“When you call yourself an Indian or a Muslim or a Christian or a European, or anything else, you are being violent. Do you see why it is violent? Because you are separating yourself from the rest of mankind. When you separate yourself by belief, by nationality, by tradition, it breeds violence. So a man who is seeking to understand violence does not belong to any country, to any religion, to any political party or partial system; he is concerned with the total understanding of mankind.”
― Jiddu Krishnamurti
Of course, it had many likes. For me, this is what went on in my head:
-listen to bands you’ve never heard of
-secretly love getting the attention of being a hipster while outwardly acting to the contrary
-wear plaid and other shabby clothing
-drink funky herbal teas
-for God’s sake don’t call a hipster a hipster.
-(Oh and if you call yourself a hipster, there’s no way on earth you’re a hipster)
So yeah, even those who don’t identify with something, still end up identifying with something.
Then I realized it’s us moderns’ dream quote because it’s a seemingly spiritualized way of asserting western skepticism. It’s the most amazing combination of eastern pantheism (God is in everything, as everything, therefore accept everything and reject nothing) and western skepticism (reject everything, accept nothing). It’s our checkmate against any claim or assertion of Truth. Just forget about it, we’re being violent if we even attempt to discover a truth that is universal. We don’t want to be violent right? Violence is a bad thing. But here’s the problem we run into:
Basically it comes down to this, skepticism is boring. Very boring. Not to mention intellectually suicidal. If you truly are skeptical, then you eventually have to doubt everything, even your doubt, and I highly doubt that your doubt will satisfy you beyond a doubt.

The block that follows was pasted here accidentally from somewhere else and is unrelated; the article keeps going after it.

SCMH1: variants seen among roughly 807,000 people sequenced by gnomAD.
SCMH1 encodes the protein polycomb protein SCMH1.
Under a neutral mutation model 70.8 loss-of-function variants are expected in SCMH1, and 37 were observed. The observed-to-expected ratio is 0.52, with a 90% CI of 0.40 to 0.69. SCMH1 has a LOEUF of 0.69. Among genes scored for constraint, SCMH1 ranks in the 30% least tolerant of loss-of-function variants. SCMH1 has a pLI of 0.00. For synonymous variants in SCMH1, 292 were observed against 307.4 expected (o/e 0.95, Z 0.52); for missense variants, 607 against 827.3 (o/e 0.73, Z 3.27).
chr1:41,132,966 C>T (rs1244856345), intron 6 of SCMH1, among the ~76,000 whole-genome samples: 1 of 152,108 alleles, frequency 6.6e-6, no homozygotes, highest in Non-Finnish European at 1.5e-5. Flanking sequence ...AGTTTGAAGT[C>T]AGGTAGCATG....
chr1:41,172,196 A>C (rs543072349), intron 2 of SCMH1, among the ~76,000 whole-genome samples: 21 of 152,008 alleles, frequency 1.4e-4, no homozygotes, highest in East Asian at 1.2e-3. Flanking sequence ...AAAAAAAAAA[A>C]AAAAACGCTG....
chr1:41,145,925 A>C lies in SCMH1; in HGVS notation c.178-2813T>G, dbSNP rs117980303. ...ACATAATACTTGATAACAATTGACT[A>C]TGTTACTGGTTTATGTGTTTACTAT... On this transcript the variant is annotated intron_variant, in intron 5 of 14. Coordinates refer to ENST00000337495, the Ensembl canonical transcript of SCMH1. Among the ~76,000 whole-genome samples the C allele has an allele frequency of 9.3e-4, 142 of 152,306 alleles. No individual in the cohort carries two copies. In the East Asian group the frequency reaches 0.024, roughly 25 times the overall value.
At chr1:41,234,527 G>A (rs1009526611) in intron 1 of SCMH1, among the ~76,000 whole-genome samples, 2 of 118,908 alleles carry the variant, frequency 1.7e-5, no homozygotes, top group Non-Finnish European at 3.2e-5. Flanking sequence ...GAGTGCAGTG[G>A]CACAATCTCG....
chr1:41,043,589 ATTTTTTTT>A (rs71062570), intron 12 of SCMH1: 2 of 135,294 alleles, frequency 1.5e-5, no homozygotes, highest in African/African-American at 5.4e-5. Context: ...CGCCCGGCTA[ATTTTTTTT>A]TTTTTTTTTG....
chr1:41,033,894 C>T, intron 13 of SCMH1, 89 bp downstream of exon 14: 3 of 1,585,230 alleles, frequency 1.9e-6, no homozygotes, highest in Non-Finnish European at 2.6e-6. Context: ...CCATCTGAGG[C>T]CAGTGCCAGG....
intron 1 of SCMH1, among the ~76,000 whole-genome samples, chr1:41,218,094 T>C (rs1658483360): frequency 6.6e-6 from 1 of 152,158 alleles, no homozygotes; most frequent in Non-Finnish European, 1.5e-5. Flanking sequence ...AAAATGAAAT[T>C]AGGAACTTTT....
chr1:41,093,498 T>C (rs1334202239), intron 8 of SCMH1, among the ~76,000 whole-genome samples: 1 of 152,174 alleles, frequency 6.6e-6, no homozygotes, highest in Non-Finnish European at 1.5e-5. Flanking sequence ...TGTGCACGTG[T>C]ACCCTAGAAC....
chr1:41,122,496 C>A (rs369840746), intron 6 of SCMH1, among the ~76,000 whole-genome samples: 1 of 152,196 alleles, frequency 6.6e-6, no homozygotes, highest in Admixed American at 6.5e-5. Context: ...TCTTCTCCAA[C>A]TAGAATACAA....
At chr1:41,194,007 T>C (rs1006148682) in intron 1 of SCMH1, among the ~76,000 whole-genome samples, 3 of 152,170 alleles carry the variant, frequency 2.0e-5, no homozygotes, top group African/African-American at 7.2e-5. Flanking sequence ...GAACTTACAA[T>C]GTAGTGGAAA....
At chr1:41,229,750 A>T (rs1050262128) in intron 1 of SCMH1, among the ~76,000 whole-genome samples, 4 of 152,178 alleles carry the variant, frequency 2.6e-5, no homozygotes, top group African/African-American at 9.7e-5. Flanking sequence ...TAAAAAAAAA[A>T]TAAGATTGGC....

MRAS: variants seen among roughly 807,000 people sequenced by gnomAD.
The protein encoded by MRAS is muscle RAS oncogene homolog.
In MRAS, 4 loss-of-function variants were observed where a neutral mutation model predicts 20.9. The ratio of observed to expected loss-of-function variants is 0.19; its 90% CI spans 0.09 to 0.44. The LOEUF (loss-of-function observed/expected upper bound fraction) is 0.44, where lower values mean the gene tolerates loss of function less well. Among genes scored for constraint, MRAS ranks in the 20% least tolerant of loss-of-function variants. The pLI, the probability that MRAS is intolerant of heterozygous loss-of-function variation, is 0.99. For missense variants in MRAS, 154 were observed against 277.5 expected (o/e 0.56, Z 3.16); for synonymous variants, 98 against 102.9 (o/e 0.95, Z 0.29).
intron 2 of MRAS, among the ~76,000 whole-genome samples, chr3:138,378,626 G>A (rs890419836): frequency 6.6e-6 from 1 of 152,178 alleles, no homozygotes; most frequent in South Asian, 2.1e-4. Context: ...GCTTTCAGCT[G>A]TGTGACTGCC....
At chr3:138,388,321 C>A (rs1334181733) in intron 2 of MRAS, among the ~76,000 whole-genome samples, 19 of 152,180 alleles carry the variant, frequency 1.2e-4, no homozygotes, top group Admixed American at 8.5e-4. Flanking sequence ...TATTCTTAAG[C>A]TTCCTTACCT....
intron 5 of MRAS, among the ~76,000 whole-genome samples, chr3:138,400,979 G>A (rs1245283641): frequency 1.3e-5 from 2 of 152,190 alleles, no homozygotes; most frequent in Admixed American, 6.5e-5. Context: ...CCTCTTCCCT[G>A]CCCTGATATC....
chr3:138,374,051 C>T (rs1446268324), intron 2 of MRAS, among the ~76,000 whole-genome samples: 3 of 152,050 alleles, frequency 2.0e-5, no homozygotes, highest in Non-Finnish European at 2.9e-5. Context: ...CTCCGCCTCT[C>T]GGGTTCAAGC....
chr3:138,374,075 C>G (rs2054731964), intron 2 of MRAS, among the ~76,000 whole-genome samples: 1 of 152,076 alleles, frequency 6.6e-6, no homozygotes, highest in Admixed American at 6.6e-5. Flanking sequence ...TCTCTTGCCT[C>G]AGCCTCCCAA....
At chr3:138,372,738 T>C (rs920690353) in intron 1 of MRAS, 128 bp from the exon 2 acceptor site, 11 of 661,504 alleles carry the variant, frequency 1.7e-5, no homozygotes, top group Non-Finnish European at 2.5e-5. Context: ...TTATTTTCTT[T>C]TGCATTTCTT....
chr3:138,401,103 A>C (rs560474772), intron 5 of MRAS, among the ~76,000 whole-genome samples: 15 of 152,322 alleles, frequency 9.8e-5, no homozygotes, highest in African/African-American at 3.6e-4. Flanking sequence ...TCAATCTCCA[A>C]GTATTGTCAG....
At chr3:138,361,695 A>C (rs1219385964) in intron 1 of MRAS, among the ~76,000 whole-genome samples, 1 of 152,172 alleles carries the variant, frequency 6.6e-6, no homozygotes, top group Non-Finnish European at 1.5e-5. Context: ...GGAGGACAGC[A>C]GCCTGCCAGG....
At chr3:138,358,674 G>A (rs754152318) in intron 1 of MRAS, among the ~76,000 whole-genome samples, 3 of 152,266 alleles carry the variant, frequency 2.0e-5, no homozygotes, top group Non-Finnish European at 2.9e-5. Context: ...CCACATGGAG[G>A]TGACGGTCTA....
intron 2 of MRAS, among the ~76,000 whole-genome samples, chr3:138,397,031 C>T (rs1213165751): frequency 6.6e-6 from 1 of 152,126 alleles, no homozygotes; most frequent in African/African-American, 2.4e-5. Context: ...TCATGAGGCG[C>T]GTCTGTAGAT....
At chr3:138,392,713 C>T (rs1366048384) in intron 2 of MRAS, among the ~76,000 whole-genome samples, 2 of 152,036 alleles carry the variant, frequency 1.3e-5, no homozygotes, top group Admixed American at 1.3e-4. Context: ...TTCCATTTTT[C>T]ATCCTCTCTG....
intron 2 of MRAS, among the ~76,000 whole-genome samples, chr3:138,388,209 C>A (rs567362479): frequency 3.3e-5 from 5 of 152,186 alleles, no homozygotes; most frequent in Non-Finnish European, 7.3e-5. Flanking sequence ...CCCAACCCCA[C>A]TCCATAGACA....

So what is exciting? Being able to say “yes” and to say “no.” Being able to say what’s right and what’s wrong. When we take a positive stance (not like happy thoughts but positing that there is some concrete goal we are meant to achieve) rather than automatically negating everything so as to avoid danger, our lives become exciting, thrilling even. None of our stories would be worth telling nor our lives worth living if there was no danger involved, because danger comes with adventure, and adventure comes with a journey, and journey comes from mission, and mission comes from the existence of an end goal. We can’t self-create mission or journey or a goal. They’re given to us. They mold us and shape us to make the judgments we make and act the way we do. The victorious hero is the one who says “yes” to what is good and “no” to what is evil, both in great things and in small things.
Gandalf said to Frodo, “you must take the ring of power into Mordor and cast it into the fires of Mount Doom, otherwise Sauron will enslave the entire world!”
Frodo replied, “I don’t want to separate myself from the rest of middle earth by trying to destroy the ring, Gandalf. Sorry, I won’t carry it.”
Then orcs invaded the Shire and darkness covered all the lands, and every elf, dwarf, man, and hobbit was made slave to Sauron.
The story goes much better when Frodo says “yes” to the mission.
That is why Krishnamurti’s philosophy ultimately disappoints. It tells us there should be no mission, because a mission makes you realize that there are “others” out there. He says that’s violent. Without an “other,” though, I can’t love, that would simply be narcissism, and that is very boring. I am not growing; I am not journeying; I have no goal to reach; and so I conquer no evil.
Saying “yes” is a scary thing. It means something is required of me. It’s means difficulty. It means thinking well always. It means discipline. It means endurance. It means self-denial. It means sacrifice. It means unreserved, perfect love. To do Good for the other as other. This is the Catholic way of life. One. Big. Yes.
And for those who need the encouragement to continue the journey